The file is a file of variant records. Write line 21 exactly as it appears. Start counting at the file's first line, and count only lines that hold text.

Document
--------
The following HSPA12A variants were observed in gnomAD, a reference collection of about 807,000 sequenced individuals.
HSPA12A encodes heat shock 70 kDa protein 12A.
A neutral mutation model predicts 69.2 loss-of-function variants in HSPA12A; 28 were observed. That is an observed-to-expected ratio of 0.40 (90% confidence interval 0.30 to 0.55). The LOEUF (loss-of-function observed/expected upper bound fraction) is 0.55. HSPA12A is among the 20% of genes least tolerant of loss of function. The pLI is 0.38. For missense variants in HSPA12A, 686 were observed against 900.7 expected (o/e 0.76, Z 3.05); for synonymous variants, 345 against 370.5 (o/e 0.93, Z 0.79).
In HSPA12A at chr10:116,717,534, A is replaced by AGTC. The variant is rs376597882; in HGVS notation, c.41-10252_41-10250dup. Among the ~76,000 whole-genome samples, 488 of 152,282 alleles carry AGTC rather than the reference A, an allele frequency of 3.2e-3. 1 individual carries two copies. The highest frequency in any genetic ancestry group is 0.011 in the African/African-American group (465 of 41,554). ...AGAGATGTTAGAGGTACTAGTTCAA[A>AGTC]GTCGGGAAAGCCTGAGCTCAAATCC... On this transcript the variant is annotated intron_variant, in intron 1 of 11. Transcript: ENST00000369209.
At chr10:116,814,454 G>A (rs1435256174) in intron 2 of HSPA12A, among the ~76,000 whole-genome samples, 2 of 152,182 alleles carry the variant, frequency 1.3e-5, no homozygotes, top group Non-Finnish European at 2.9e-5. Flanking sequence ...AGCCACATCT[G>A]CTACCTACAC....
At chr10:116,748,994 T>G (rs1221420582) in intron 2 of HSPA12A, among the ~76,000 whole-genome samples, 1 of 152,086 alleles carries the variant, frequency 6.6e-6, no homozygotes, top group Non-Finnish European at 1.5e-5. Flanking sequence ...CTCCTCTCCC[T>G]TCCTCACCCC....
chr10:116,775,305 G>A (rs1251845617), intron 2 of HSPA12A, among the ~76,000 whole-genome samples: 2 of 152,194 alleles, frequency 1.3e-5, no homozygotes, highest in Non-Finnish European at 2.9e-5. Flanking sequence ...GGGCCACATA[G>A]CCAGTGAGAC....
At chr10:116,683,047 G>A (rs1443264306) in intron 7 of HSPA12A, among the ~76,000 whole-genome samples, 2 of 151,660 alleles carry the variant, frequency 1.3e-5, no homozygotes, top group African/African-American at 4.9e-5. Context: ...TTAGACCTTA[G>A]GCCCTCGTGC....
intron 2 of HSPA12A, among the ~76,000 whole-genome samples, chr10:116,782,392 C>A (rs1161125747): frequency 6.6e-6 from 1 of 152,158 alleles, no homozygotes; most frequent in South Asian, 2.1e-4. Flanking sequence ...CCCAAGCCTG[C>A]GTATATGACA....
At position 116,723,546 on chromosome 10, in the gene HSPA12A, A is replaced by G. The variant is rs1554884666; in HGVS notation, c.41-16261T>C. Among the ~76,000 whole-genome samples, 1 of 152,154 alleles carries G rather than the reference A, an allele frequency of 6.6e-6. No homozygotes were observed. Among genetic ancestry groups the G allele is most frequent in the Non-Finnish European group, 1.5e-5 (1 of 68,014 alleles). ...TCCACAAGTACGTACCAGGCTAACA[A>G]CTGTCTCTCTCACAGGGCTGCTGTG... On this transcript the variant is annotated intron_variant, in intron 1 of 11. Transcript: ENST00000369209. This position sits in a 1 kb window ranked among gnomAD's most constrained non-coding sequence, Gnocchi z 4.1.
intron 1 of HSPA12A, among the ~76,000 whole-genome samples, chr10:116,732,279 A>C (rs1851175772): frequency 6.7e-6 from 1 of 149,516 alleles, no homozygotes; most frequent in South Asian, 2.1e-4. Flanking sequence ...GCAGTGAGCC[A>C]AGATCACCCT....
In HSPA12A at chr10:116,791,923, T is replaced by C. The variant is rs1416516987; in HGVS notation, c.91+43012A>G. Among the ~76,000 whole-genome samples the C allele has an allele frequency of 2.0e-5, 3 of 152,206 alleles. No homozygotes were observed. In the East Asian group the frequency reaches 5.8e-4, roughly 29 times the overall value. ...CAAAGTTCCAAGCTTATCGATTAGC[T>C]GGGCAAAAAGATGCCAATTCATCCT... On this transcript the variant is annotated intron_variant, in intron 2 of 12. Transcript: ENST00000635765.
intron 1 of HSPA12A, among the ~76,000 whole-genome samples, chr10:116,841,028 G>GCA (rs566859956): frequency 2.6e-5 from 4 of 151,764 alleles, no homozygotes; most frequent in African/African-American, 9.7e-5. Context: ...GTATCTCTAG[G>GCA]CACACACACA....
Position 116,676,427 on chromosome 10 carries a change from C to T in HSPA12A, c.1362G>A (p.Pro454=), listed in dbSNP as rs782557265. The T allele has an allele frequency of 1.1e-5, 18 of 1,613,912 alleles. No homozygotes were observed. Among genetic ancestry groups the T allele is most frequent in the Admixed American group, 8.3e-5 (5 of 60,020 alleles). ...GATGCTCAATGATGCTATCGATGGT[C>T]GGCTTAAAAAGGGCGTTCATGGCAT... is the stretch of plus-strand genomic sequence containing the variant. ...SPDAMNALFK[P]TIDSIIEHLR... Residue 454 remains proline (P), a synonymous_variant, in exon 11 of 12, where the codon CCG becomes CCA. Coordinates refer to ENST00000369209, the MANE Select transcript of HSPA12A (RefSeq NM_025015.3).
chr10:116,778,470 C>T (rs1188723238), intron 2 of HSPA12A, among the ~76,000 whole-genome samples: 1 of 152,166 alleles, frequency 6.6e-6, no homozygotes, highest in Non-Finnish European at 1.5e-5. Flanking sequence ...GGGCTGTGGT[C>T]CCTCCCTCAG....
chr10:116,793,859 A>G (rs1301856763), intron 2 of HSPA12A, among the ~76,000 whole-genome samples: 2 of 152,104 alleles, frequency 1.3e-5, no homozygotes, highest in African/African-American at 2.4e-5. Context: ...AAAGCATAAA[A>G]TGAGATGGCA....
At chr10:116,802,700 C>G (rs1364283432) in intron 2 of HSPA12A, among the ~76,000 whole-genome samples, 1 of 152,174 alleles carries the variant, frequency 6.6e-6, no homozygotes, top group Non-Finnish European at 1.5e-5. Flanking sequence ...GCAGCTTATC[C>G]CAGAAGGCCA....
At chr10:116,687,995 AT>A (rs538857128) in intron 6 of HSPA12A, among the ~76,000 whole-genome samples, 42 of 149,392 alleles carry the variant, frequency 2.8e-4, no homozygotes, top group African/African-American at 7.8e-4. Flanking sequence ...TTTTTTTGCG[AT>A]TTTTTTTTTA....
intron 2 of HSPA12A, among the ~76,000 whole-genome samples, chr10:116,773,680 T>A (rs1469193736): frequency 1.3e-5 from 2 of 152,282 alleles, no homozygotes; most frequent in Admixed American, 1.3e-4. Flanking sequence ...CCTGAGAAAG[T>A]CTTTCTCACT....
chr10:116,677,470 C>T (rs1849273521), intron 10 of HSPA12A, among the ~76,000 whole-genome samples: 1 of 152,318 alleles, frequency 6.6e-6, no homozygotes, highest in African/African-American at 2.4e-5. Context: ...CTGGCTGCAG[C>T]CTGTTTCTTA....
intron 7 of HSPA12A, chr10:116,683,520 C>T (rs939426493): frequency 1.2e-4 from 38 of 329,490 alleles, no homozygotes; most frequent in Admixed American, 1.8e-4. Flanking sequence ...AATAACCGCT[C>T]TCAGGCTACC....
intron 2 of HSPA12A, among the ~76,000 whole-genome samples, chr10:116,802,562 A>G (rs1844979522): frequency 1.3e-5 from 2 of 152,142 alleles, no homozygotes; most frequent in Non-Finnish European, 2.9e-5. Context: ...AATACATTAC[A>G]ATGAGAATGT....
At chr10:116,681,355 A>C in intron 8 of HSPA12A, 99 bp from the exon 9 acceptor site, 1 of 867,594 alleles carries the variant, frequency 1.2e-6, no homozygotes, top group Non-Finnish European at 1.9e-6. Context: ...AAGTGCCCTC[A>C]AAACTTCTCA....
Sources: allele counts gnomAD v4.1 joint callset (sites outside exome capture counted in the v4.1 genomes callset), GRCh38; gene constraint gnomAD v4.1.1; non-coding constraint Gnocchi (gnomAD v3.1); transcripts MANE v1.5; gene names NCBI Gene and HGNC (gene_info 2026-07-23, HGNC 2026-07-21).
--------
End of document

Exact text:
intron 7 of HSPA12A, chr10:116,683,520 C>T (rs939426493): frequency 1.2e-4 from 38 of 329,490 alleles, no homozygotes; most frequent in Admixed American, 1.8e-4. Flanking sequence ...AATAACCGCT[C>T]TCAGGCTACC....